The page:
Belmont Stakes 2014 Payout: Finishing Times, Prize Money Earnings for Field

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Belmont Stakes 2014 Payout: Finishing Times, Prize Money Earnings for Field
Rob Carr/Getty Images

Tonalist won the 2014 Belmont Stakes on Saturday with a time of two minutes and 28.52 seconds, edging out long shot Commissioner by a head. The top five finishers were separated by just 1 3/4 lengths, which included prohibitive favorite California Chrome, who was in a dead heat with Wicked Strong in fourth.

Due to the close call at the finish, the payout situation became interesting, as superfectas were rewarded in both scenarios in which California Chrome and Wicked Strong placed just outside the money:

2014 Belmont Stakes Payouts
Horse Win Place Show
Tonalist $20.40 $9.60 $7.00
Commissioner $23.20 $13.20
Medal Count $13.20

Source: NBC broadcast

*$2 Exacta 11-8 paid $348; $1 Trifecta 11-8-1 paid $3,390.50; $1 Superfecta 11-8-1-2 paid $3,808; $1 Superfecta 11-8-1-9 paid $5,728.50.

2014 Belmont Stakes Results and Purse Payout
Pos. Post Horse Jockey Trainer Payout
1 11 Tonalist Joel Rosario Christophe Clement $800,000
2 8 Commissioner Javier Castellano Todd Pletcher $280,000
3 1 Medal Count Robby Albarado Dale Romans $150,000
4 2 California Chrome Victor Espinoza Art Sherman $80,000
4 9 Wicked Strong Rajiv Maragh Jimmy Jerkins $80,000
6 7 Samraat Jose Ortiz Rick Violette $45,000
7 10 General a Rod Rosie Napravnik Mike Maker $35,000
8 3 Matterhorn Joe Bravo Todd Pletcher $30,000
9 4 Commanding Curve Shaun Bridgmohan Dallas Stewart
10 6 Matuszak Mike Smith Bill Mott
11 5 Ride On Curlin John Velazquez Billy Gowan

Source: NYRA.com

But that was hardly the main storyline in Elmont, New York, as a bid for history was denied.

A win would have gotten California Chrome the ever-elusive Triple Crown for the first time since 1978, when Affirmed was champion in all three marquee horse races. Instead, jockey Victor Espinoza had a horse that ran out of steam and never recovered after lurking three lengths off the pace for the majority of the race.

After witnessing the action at Belmont Park, Melissa Hoppert of The New York Times couldn't hide her disappointment:

That was certainly the sentiment for California Chrome's connections, as they sought to become the 12th Triple Crown champions in history. Adding to the frustration was an apparent self-inflicted wound for California Chrome right out of the starting gates, per WDRB Louisville's Eric Crawford:

Owner Steve Coburn was hot afterward, per the New York Daily News:

Coburn may have been a little bit insensitive in the way he handled himself, but he was obviously upset at the fact that Tonalist didn't run in the Kentucky Derby or Preakness Stakes.

However, it wasn't as though Tonalist was totally rested coming in. He had just run at Belmont Park on May 10 in the Grade 2 Peter Pan Stakes, a race he dominated. Jockey Joel Rosario was in the irons for it, as was the case on Saturday for a victorious jaunt over 1 1/2 miles.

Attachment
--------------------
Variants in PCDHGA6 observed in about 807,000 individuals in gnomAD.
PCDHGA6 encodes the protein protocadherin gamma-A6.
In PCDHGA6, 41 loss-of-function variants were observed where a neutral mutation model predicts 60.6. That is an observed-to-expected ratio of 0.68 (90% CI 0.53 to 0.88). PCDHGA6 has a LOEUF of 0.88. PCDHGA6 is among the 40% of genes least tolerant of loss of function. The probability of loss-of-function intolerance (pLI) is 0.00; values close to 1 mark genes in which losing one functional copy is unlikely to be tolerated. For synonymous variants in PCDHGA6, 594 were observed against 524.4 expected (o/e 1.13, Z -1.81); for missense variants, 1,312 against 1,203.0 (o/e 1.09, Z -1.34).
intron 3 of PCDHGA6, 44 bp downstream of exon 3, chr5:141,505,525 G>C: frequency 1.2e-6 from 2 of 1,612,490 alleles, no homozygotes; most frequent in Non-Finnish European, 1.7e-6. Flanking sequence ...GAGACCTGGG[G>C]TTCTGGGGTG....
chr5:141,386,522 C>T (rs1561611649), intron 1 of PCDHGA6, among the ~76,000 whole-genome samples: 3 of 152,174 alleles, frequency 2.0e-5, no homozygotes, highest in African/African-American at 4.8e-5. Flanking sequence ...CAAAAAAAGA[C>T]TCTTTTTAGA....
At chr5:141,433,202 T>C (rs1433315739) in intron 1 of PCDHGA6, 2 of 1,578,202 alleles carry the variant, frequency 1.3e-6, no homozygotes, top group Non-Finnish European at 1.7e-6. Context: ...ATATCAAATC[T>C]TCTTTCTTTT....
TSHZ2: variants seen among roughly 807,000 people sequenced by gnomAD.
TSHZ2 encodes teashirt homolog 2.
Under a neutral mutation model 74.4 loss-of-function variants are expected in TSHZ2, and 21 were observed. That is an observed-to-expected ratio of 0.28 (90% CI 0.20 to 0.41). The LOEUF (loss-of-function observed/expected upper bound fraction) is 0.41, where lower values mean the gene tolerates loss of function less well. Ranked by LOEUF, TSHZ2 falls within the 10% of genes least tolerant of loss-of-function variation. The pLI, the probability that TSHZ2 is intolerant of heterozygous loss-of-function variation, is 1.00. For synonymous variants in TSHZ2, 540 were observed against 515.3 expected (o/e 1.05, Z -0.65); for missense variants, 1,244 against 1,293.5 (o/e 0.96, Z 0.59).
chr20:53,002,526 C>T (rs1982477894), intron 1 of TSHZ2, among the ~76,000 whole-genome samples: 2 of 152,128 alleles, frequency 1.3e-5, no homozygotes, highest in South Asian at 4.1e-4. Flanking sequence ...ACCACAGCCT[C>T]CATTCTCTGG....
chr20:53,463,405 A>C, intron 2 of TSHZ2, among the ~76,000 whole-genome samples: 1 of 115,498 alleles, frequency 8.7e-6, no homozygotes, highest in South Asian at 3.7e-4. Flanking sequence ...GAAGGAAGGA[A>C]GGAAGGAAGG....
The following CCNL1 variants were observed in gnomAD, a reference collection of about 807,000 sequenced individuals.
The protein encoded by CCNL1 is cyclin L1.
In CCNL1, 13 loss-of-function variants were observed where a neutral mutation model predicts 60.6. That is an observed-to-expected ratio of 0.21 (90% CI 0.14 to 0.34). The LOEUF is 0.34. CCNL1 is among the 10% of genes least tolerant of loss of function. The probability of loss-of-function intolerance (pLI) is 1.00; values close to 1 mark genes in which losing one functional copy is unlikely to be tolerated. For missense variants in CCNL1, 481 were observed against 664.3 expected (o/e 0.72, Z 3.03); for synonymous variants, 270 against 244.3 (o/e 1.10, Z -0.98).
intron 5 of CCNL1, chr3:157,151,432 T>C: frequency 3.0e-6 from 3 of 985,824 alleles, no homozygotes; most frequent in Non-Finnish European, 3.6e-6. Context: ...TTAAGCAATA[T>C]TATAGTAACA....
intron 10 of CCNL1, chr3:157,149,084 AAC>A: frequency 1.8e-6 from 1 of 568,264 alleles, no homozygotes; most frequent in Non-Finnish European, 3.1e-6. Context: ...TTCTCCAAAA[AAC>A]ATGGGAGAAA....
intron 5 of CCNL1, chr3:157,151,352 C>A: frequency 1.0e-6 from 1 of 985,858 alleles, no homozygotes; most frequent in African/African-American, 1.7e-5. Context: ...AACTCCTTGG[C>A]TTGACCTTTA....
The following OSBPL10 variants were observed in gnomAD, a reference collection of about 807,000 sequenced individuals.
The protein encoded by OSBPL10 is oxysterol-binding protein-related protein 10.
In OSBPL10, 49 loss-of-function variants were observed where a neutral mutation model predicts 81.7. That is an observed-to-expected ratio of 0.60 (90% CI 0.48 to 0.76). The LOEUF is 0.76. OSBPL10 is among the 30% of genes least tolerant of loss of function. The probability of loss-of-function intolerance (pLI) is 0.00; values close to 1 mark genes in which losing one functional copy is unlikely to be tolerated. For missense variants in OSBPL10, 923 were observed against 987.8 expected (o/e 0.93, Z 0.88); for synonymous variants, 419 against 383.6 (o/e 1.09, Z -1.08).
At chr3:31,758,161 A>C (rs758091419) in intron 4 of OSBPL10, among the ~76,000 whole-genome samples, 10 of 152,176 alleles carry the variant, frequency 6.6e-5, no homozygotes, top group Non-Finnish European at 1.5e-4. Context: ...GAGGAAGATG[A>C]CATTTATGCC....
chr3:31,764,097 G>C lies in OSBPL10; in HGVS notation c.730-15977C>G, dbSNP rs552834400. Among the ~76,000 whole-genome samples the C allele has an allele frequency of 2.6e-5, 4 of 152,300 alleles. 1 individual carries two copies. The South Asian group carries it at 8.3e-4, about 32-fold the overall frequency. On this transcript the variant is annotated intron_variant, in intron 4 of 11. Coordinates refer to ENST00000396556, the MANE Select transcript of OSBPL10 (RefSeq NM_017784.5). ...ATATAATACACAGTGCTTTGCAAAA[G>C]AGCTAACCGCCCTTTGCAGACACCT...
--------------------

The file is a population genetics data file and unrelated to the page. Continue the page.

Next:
Sports Illustrated's Tim Layden brought up a valid point to counter Coburn's "coward" criticism:

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Rosario had won the 2013 Kentucky Derby, so there was evidence to suggest he'd ride well. The recent success in Elmont, along with his demonstrated ability to get it done in a Triple Crown race definitely helped Tonalist's cause.

However, starting from the 11th post meant that Tonalist would have to make up some ground and get into more of an ideal position toward the rail. Even a great start by California Chrome wasn't enough. That was stymied by traffic issues as the race progressed, and the slower pace didn't allow him to break at the proper time.

Commissioner almost pulled off an improbable upset by going wire to wire, falling just short at the finish, while Medal Count put together his own impressive trip after drawing the rail.

Credit: NBC

As many things that had to break California Chrome's way to get to Saturday's position of having a shot at the Triple Crown, the untimely ailment to his right hoof ultimately dashed his Triple Crown dreams. Superior, deeper fields with more entries continue to make the Triple Crown all the more difficult to capture. It takes a special horse just to have a chance, and California Chrome definitely had the chops to get it done.

It will be interesting to see if Coburn's concerns cause any paradigm shift in the industry. While the luster of the Triple Crown is arguably as high as ever after California Chrome's close call, the drought has dragged on for quite some time. If there are no adjustments to the schedule, it will take a truly special horse to break the slump.

The question is whether there will be enough interest when the wait is finally over for a new Triple Crown champion to rise.

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